Fishery agency warns shellfish from areas with ‘red tide


The Bureau of Fisheries and Aquatic Resources (BFAR) on Thursday warned that shellfish collected at coastal waters in various parts of the country still tested positive for a paralytic or “red tide” poison that is beyond the regulatory limit.

The shellfish in the coastal waters of the Inner Malampaya Sound in Taytay, Palawan; Sorsogon Bay in Sorsogon; Dauis and Tagbilaran City in Bohol; Tambobo Bay in Siaton, Negros Oriental; Calubian town and Cancato Bay in Tacloban City in Leyte; Dumanquillas Bay in Zamboanga del Sur; and Murcielagos Bay (Sapang Dalaga and Baliangao) and Ozamiz City in Misamis Occidental were among those that tested positive for the red tide toxin.

The BFAR and concerned local government units (LGUs) also raised the alarm on the consumption of shellfish found to contain red tide toxin that is beyond the regulatory limit in Taguines Lagoon in Mahinog, Camiguin; Balite Bay in Mati City, Davao Oriental; and Lianga Bay and the coastal waters of Hinatuan in Surigao del Sur.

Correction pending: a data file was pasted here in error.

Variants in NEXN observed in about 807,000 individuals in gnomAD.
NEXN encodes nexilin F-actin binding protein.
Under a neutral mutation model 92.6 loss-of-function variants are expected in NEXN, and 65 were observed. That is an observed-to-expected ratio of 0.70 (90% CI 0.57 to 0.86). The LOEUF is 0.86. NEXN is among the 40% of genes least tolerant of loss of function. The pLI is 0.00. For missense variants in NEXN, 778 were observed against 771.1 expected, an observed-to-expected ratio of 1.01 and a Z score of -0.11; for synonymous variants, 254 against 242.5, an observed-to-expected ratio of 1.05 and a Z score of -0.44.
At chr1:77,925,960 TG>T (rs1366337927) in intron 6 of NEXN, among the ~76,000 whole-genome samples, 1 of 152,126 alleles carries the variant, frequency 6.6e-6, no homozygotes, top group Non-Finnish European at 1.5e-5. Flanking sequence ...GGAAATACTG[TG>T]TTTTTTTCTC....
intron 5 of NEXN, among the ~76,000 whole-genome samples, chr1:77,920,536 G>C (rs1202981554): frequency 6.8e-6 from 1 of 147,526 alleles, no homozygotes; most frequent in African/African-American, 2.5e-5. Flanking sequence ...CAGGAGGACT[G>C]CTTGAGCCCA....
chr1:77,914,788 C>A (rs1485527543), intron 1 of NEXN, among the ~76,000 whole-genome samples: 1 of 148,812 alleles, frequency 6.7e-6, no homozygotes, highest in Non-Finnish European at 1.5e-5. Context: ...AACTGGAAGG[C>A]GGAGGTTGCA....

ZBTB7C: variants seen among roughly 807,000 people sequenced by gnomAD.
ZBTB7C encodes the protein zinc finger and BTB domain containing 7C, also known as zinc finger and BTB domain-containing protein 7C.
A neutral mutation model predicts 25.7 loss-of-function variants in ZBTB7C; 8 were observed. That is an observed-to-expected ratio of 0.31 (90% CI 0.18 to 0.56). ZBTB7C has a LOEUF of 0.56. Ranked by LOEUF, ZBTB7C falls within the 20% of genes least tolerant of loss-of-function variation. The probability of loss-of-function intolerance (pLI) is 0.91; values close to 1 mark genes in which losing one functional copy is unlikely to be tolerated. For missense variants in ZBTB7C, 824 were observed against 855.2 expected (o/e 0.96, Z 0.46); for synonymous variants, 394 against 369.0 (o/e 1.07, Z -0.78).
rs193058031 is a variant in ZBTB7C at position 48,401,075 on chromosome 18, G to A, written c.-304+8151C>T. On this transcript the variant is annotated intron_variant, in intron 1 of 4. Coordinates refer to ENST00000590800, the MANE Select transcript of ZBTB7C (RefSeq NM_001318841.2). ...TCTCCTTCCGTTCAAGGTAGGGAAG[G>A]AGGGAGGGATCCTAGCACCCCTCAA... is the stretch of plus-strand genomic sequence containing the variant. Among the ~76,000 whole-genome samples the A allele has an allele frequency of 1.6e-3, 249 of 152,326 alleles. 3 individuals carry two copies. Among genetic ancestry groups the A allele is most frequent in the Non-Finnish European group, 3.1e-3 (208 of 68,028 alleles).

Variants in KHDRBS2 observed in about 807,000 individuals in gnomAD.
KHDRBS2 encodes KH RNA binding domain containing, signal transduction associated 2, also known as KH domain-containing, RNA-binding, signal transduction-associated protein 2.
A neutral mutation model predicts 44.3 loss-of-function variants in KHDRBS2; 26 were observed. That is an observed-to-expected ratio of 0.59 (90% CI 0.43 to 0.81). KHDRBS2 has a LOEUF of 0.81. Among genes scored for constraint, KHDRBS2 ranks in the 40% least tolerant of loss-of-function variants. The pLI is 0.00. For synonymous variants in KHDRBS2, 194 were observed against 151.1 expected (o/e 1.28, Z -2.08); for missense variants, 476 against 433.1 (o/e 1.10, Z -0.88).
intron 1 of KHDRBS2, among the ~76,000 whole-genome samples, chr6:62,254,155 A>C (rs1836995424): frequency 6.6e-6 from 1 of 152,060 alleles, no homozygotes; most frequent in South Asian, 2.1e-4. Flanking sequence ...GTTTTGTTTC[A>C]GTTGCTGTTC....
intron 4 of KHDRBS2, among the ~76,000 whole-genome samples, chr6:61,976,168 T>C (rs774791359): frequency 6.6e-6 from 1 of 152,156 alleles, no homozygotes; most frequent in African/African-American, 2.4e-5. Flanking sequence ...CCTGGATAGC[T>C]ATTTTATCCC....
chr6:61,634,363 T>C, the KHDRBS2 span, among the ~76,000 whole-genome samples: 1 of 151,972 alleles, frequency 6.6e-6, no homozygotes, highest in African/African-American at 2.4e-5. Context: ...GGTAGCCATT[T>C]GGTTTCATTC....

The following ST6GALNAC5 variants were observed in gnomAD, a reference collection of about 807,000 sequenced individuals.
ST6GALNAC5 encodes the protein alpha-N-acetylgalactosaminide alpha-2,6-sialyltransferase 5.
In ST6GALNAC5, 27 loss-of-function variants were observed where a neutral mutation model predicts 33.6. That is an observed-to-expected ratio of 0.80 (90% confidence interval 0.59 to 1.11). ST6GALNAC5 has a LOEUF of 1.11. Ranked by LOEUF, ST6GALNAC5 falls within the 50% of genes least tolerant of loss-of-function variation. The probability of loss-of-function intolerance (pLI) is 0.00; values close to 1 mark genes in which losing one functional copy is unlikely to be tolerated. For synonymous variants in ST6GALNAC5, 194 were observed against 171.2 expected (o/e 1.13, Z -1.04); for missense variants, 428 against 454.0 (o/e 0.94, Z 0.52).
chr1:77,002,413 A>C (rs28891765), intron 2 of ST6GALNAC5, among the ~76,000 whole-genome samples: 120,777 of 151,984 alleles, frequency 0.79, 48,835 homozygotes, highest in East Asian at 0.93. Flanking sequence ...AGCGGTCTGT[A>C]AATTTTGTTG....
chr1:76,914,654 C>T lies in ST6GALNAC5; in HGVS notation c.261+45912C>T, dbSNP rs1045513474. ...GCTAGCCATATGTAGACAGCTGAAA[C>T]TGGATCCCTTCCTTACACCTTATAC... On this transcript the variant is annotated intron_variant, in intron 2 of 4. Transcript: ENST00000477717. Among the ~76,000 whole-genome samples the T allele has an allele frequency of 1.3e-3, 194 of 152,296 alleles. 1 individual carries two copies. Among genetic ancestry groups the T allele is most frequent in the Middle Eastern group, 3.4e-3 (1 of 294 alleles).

“All types of shellfish and Acetes sp. or “alamang” gathered from these areas are not safe for human consumption,” the bureau published in its bulletin.

However, it stated that fish, squid, shrimps, and crabs are safe for human consumption, provided they are fresh and washed thoroughly, and internal organs, such as gills and intestines, are removed before cooking.

Red tide is a term used to describe a phenomenon where the water is discolored by high algal biomass or the concentration of algae.

This syndrome can be life-threatening and often shows itself within two hours of consumption.

In non-lethal cases, these conditions may appear in a few days. In severe instances, individuals may experience respiratory arrest within 24 hours of consumption.

Meanwhile, the BFAR, in partnership with the US Agency for International Development (USAID), noted that government assets and the public would share the responsibility in reducing illegal, undocumented, unreported (IUU) fishing.

The bureau also said it is developing a threat assessment tool and fishing index to systemize its monitoring activities.

“Our strong resolve to prevent and put an end to IUU fishing in Philippine waters will not waiver, especially now that we are gaining momentum technology-wise,” BFAR Director Eduardo Gongona said in a statement.

He said with the use of science and data, they are in the process of developing an IUU Fishing Index and Threat Assessment Tool, which will be adopted in the 12 fisheries management areas.

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